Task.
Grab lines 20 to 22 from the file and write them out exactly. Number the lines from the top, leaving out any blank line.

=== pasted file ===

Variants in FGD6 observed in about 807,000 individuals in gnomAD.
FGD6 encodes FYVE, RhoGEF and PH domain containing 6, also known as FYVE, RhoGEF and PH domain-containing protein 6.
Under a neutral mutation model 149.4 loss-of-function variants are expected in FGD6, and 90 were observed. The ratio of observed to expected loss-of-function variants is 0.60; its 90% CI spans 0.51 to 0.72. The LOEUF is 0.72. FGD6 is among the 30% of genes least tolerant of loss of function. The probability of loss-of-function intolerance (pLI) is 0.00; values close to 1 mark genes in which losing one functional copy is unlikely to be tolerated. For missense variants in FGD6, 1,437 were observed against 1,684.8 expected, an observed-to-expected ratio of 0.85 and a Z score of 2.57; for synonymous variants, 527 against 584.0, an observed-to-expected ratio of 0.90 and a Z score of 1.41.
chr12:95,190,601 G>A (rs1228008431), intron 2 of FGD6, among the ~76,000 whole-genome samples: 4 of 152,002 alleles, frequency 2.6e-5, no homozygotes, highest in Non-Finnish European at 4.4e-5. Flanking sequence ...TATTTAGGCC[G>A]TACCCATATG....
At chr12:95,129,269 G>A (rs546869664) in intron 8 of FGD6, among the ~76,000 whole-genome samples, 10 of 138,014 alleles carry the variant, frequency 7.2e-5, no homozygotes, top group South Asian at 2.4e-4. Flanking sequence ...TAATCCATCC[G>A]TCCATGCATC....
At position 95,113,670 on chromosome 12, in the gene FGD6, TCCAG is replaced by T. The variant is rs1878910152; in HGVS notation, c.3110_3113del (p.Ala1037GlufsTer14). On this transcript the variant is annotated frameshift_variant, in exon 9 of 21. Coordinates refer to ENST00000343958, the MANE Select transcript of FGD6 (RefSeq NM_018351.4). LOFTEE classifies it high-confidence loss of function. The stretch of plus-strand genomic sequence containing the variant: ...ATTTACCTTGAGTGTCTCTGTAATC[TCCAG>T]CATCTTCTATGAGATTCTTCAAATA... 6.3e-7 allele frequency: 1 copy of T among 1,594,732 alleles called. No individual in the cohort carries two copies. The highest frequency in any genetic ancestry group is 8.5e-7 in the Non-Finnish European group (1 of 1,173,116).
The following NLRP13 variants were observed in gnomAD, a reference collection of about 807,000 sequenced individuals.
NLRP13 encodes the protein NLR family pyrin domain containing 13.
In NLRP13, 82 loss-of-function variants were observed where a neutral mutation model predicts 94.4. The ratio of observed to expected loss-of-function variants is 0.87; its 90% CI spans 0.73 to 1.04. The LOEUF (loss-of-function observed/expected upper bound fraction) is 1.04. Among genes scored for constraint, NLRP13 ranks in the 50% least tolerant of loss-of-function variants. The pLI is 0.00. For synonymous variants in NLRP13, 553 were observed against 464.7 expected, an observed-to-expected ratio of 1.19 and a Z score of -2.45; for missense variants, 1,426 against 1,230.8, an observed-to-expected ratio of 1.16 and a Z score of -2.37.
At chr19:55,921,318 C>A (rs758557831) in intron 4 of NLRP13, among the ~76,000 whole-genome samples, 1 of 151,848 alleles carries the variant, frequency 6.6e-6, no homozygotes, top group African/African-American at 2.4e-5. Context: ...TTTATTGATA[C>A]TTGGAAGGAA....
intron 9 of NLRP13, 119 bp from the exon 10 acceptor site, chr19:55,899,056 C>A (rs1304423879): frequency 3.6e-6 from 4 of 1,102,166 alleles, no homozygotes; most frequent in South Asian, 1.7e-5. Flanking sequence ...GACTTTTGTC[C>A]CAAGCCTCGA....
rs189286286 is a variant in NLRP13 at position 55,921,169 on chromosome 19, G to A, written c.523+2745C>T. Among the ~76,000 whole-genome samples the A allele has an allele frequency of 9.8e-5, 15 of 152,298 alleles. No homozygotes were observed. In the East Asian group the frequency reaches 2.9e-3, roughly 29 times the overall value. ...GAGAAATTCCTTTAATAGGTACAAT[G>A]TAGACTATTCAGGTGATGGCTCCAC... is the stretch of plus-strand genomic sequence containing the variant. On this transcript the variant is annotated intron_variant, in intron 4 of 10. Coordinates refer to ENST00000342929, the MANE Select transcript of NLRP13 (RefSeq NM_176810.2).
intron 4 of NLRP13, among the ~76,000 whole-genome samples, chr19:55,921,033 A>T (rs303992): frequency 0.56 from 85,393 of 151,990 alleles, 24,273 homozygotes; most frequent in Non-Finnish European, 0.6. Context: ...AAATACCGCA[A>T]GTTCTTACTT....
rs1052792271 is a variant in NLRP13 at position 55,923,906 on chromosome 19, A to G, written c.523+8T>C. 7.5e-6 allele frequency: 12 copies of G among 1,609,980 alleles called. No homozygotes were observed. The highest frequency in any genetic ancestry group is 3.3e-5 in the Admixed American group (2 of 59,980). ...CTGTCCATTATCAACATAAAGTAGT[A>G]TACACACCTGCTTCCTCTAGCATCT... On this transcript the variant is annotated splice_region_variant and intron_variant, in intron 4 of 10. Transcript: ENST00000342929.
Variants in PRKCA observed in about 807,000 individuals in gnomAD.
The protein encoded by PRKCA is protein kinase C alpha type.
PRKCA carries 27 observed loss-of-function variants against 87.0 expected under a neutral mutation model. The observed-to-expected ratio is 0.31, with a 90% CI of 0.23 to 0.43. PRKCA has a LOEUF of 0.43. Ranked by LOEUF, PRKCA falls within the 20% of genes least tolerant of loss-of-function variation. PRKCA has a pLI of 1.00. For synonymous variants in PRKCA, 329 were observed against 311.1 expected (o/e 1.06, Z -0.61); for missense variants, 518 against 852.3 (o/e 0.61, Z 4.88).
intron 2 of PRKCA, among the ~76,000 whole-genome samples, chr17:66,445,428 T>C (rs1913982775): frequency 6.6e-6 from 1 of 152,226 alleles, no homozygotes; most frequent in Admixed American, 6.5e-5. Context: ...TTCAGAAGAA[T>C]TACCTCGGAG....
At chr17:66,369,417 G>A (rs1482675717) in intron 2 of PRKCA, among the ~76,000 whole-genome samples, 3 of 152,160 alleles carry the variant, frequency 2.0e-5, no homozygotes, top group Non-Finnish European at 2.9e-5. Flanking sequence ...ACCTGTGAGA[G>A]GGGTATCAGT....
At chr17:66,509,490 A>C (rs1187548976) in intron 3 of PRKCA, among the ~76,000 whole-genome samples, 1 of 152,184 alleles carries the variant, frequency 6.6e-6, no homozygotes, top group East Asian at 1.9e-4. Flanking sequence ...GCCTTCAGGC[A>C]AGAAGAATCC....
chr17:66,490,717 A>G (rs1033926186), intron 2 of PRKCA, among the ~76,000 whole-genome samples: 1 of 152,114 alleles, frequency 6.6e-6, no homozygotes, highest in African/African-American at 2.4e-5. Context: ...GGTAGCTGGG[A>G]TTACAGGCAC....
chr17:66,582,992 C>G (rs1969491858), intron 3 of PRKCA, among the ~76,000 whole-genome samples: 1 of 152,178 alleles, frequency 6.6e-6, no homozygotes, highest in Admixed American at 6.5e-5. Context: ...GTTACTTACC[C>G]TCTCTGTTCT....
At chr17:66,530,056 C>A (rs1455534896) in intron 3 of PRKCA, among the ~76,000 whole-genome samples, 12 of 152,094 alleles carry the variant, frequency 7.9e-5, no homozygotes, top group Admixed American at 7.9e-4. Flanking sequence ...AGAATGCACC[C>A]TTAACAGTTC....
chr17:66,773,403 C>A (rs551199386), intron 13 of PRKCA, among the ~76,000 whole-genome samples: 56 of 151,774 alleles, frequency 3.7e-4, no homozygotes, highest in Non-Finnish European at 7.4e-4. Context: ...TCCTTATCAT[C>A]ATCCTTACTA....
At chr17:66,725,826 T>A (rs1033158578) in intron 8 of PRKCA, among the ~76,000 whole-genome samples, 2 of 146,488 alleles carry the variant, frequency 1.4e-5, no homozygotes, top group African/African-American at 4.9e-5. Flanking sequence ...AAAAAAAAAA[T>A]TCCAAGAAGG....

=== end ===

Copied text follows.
At chr17:66,509,490 A>C (rs1187548976) in intron 3 of PRKCA, among the ~76,000 whole-genome samples, 1 of 152,184 alleles carries the variant, frequency 6.6e-6, no homozygotes, top group East Asian at 1.9e-4. Flanking sequence ...GCCTTCAGGC[A>C]AGAAGAATCC....
chr17:66,490,717 A>G (rs1033926186), intron 2 of PRKCA, among the ~76,000 whole-genome samples: 1 of 152,114 alleles, frequency 6.6e-6, no homozygotes, highest in African/African-American at 2.4e-5. Context: ...GGTAGCTGGG[A>G]TTACAGGCAC....
chr17:66,582,992 C>G (rs1969491858), intron 3 of PRKCA, among the ~76,000 whole-genome samples: 1 of 152,178 alleles, frequency 6.6e-6, no homozygotes, highest in Admixed American at 6.5e-5. Context: ...GTTACTTACC[C>G]TCTCTGTTCT....